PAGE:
Hay mow (or, hay loft) basketball is a foreign concept to many young, up and coming basketball players these days. Back in the day when big red barns were more of a farm standard, the hay mow was the closest thing young people had to basketball skills camp. I’m sure the reffing was questionable and rules may have been bent, adapted or even eliminated. How did they ever survive?
This lucky young man along with his siblings and cousins have spent many hours playing basketball in this hay mow. Memories made and life lessons learned.
What are YOUR memories of games or shenanigans in the hay mow?
A prime lens has just one focal length (in contrast to a zoom lens that covers a wider range of lengths).
Back in the day I used prime lenses while shooting with medium format film cameras, but the digital world has found me using zoom lenses exclusively for several years.
Why would I want a prime lens when I could have a zoom that covers a variety of lengths? Easy answer – money. In the midst of downsizing equipment, I’ve found myself in need of an affordable lens to go on an older body. Quality and price are both factors and the Canon EF 50mm f/1.8 STM seemed to fit the bill. My other lenses open to 2.8, so having a faster lens at 1.8 could be interesting. Maybe I’ll reinvent myself as a low light street photographer – you never know.
So, at sunset I took my new little lens to our nearby slough to try it out… pretty much straight out of camera except for tweaking exposure.
Used this 50mm lens while trying out a DIY beauty dish, of sorts, with equipment I already had on hand – cheap $37 slave that screws into a regular light socket inside a silver chick warmer. Not much for catch lights, but kind of worked.
Price for this handy little lens? $125 – much less than the $1600 price tag for a new 24-70 Canon 2.8 zoom. While I like the lens for stationary subjects, I did find the autofocus slow when trying to capture moving subjects.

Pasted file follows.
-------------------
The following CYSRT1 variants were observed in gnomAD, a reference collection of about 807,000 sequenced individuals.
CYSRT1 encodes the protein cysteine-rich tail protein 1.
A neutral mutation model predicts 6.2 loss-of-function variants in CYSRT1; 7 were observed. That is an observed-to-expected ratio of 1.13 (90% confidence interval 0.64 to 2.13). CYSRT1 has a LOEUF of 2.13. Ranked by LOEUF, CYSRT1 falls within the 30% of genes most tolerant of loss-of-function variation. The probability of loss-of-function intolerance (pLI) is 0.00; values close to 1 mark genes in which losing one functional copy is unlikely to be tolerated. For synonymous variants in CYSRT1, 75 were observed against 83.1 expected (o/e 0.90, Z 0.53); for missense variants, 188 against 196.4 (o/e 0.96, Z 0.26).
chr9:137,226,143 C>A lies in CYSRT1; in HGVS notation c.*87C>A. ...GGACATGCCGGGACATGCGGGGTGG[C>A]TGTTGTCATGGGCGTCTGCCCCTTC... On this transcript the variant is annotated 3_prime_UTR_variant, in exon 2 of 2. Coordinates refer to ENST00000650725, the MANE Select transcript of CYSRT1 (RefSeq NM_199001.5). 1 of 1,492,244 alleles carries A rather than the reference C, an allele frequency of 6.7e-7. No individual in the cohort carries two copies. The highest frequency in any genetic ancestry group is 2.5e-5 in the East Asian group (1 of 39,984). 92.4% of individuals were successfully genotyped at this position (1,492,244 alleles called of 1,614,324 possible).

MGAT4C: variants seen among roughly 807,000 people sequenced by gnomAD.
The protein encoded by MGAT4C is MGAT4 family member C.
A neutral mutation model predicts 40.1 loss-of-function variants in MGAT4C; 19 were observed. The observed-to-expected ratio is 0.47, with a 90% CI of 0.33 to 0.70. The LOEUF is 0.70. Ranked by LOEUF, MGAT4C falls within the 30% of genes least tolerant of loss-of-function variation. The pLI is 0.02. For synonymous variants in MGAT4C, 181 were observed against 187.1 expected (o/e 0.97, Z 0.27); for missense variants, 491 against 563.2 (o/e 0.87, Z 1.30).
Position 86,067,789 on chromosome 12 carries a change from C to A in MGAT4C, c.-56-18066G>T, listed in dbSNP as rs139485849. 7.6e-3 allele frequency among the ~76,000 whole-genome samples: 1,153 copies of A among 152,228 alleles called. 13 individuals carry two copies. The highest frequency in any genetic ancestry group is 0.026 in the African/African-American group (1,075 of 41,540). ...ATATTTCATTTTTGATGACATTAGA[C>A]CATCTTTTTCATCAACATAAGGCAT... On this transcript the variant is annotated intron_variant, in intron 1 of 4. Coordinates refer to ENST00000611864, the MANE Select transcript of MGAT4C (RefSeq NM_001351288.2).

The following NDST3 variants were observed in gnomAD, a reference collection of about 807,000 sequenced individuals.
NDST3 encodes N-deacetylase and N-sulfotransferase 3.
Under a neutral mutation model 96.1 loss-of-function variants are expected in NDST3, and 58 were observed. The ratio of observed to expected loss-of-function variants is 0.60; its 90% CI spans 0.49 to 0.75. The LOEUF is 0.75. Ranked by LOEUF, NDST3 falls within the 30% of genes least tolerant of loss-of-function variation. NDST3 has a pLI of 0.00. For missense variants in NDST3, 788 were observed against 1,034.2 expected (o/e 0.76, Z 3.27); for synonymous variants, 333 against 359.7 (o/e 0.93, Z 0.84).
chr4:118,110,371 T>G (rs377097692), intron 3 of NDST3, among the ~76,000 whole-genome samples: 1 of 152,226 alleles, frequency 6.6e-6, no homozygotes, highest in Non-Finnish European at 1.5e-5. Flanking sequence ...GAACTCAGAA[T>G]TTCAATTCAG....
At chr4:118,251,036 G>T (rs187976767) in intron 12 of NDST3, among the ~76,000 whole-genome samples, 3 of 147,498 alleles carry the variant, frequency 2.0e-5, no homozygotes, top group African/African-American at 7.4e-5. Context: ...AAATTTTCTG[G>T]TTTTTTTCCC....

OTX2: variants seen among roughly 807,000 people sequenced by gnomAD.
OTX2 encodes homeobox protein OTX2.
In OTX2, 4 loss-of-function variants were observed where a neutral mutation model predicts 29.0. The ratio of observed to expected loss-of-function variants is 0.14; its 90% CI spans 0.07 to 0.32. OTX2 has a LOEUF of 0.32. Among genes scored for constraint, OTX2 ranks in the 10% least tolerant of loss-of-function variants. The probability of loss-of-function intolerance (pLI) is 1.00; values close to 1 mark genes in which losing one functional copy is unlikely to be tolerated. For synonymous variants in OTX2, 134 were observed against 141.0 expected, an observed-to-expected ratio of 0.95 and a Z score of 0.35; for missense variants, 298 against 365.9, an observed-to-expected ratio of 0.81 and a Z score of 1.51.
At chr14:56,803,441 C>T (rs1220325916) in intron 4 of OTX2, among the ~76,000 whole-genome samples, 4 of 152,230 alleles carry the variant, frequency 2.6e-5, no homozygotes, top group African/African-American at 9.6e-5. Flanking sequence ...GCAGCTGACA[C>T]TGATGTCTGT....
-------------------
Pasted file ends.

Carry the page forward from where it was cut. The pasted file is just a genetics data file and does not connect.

‘Tis the season… to photograph children and holiday lights.
I had the opportunity to photograph this little tyke at a festive location: Santaland in Madison, Minnesota.
Available light gives such a “magical” look when photographing children with holiday lighting with the goal being a pleasantly lit face with glowing lights. So… shut off your flash.
Tips for photographing lights:
Basic camera settings:
1) Set a wide aperture (low f-stop number) like f2.8, or as wide as your lens will go.
2) Bump up your ISO to around 800-1250 (not an exact science) I topped out my ISO on some of these since it was such a dark area with no outside lighting.
3) Make sure your shutter speed is at least 1/100th to freeze the subject. I had an active 1 1/2 year old subject so I cranked the shutter up to around 200.
Now those numbers above aren’t a magic formula, but they give you a good starting point. If the Christmas lights aren’t bright enough, bump up the ISO or slow down your shutter speed (just not too slow unless you are going for a blurred motion look!!). It may help to have a little available light coming in through a window to light the subject, but not too much and no direct light since that would overpower the glowing holiday lights. Even lighting on the face is important.
Image color look pretty weird? Either set the white balance in your camera while taking photos or adjust it in the post process in Lightroom or Photoshop. I shoot in Raw so I worry about it during the post-process steps. More information can be found on white balance here: What about White Balance?
I’d highly recommend a trip to Santaland located upstairs above Heather Floral right on Main Street, Madison, Minnesota.